Julie Love discusses the merits of Microsoft's Q# programming language and the Quantum Developer Kit (QDK) alongside announcements from Ignite, including partnerships with Honeywell, IonQ, and QCI.
James Sanders spoke with Julie Love, senior director, Microsoft Quantum Business Development, at Microsoft Ignite 2019 in Orlando about Microsoft's role in quantum computing. The following is a transcript of the interview.
Julie Love: At Microsoft Quantum, we're all about quantum impact. Delivering solutions, helping our customers solve their toughest compute challenges by building the world's most scalable compute stack. It's really this ambition for scale that we took the next step on our quantum journey to deliver impact through announcing Azure Quantum. Azure Quantum is a full end-to-end open cloud ecosystem for quantum development, really bringing the tools of quantum computing to developers at organizations, people around the world.
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We're doing this building on the work that we've been doing on applications, solving tough problems like the ones that we solved with Case Western Reserve University that Satya Nadella talked about this morning, our work on quantum cryptography and post quantum cryptography to secure our data in a quantum world, building on Q#, our quantum native programming language in the quantum development kit, which has now been downloaded more than 200,000 times by developers around the world, and breakthroughs that we've had across devices, cryogenic controllers across the whole stack. We've announced Azure Quantum to bring this ecosystem to the world together with partners. We've partnered with IonQ, Honeywell, QCI, and 1QBit to bring the most diverse, most scalable quantum solutions across software solutions and hardware.
Cryptography is one of the areas where there's been a lot of excitement and talk because there's a notable quantum algorithm which will break modern cryptography. Microsoft is at the forefront of developing post quantum cryptographic solutions, so these are cryptographic protocols which are resistant to both classical and quantum attacks. I think it's hard to say when exactly that will be a reality. There is advancements happening every day across all elements of the stack. But, we look at it from a position, is if you believe that quantum is coming, which we do, we think it's important to get ahead of this technology. If you think that might be a possibility within the next decade, it's time for organizations to start implementing these quantum resistant protocols now, so ensuring that they have quantum agility to be able to shift their cryptographic systems to new protocols, and to start testing these systems in their environment today.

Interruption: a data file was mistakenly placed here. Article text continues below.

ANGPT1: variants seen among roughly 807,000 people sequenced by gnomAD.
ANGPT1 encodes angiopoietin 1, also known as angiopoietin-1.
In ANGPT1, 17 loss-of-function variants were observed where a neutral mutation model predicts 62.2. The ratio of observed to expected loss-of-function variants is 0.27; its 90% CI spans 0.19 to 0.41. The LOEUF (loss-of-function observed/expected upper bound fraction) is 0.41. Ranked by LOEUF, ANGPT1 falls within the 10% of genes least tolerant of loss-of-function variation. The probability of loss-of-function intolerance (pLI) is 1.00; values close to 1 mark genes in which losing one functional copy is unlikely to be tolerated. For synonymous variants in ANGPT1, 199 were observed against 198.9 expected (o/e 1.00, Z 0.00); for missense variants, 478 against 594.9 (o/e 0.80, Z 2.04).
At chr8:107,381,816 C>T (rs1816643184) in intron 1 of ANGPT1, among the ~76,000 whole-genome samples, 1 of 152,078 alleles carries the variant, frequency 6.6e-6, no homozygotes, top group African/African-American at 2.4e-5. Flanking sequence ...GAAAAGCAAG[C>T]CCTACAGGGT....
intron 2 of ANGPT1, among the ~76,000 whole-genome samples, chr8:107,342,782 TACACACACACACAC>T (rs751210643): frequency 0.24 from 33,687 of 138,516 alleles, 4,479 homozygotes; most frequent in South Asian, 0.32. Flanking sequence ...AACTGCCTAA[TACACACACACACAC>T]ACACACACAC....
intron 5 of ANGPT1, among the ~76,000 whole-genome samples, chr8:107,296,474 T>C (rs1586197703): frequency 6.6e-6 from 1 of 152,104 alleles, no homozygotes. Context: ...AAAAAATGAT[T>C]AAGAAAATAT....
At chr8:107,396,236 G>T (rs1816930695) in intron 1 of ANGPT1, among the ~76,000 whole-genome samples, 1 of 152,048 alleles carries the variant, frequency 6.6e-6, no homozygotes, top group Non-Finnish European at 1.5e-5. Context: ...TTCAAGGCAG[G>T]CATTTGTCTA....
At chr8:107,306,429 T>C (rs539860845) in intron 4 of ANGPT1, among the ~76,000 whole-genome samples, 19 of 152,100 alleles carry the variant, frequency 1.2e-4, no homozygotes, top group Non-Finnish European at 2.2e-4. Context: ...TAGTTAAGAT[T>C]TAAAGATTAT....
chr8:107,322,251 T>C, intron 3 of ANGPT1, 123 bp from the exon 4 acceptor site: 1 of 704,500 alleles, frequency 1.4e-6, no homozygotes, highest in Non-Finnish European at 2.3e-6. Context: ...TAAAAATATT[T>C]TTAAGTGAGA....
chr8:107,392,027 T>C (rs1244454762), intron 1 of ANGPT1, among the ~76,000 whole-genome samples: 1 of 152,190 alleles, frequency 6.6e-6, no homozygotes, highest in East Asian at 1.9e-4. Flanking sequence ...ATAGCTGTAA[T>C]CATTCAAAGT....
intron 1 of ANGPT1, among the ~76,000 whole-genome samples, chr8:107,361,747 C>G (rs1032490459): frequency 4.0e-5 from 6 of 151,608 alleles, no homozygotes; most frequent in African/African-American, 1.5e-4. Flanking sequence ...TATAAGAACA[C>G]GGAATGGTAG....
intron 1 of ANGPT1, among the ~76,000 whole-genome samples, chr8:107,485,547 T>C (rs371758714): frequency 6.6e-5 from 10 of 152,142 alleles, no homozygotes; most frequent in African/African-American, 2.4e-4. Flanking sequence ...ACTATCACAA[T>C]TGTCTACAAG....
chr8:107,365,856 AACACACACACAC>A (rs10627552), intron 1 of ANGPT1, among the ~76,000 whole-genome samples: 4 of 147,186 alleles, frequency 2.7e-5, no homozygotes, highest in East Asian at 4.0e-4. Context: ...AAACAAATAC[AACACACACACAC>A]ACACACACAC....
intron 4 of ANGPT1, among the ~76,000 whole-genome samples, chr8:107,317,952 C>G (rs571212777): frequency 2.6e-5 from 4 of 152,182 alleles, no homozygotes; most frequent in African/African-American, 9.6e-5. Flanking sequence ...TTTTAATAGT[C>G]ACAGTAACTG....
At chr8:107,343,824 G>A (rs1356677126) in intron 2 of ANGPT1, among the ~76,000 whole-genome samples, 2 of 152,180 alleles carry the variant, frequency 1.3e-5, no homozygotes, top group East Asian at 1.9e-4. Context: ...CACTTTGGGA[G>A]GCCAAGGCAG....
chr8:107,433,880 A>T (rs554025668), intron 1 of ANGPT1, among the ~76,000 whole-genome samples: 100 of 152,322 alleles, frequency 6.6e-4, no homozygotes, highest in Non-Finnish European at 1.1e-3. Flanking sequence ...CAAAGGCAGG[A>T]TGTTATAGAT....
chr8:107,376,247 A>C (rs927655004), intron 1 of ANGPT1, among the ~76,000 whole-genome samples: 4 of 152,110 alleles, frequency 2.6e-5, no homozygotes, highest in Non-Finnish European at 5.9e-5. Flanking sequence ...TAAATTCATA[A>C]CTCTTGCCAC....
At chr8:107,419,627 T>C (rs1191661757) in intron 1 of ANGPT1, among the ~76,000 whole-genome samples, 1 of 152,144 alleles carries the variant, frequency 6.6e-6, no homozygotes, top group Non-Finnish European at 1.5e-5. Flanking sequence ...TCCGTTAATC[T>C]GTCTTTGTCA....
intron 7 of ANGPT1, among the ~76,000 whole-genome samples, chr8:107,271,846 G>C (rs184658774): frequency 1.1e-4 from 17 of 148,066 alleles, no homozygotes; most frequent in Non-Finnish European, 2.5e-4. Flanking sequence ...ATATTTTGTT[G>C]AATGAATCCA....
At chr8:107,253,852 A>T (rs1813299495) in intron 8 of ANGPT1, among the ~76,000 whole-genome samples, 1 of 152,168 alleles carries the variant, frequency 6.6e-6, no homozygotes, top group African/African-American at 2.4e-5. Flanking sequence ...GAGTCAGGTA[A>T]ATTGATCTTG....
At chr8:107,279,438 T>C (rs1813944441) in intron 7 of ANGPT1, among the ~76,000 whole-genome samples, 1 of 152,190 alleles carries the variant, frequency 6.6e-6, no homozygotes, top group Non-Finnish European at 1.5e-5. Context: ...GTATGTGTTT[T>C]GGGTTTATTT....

We've had quantum software efforts at Microsoft for a long time, and as we developed earlier systems that we used for programming scalable quantum computers, we discovered that we really needed a new language. And so, we developed a quantum-native language and it really understands the language of quantum mechanics. There's a lot of things that come with having a quantum native language that make it easier and more scalable for developers to develop for that language. For example, in quantum mechanics and quantum computing, all operations have to be reversible. And so, Q# has built in the mechanisms to take care of that for developers, and so you're not having to take care of that overhead for yourself. It's allowed us to create really a modern programming environment with the abstraction layers needed for developers to create durable, scalable code.
Our aim is also to make this incredibly accessible for developers. We see this as a need, not just to create a language for physicists working in the lab, but for programmers around the world. This goes back to the whole aspiration for impact. For us to achieve the impact that we want to have from quantum computing, we need this to be accessible for a whole range of people. Not just programmers, but domain experts in areas like quantum chemistry, material science, optimization. We've expanded on what we've offered with Q# and the quantum development kit to do integrations with languages like Python.
Classical computers will continue to play a huge role in the quantum future. If you think about the environment that we've deployed in Azure today, it's a highly heterogeneous compute fabric where you have CPUs, GPUs, FPGAs deployed at scale, and those are accelerators to the main core classical workloads. For the foreseeable future, we see quantum as being one of those acceleration options that will exist within Azure.
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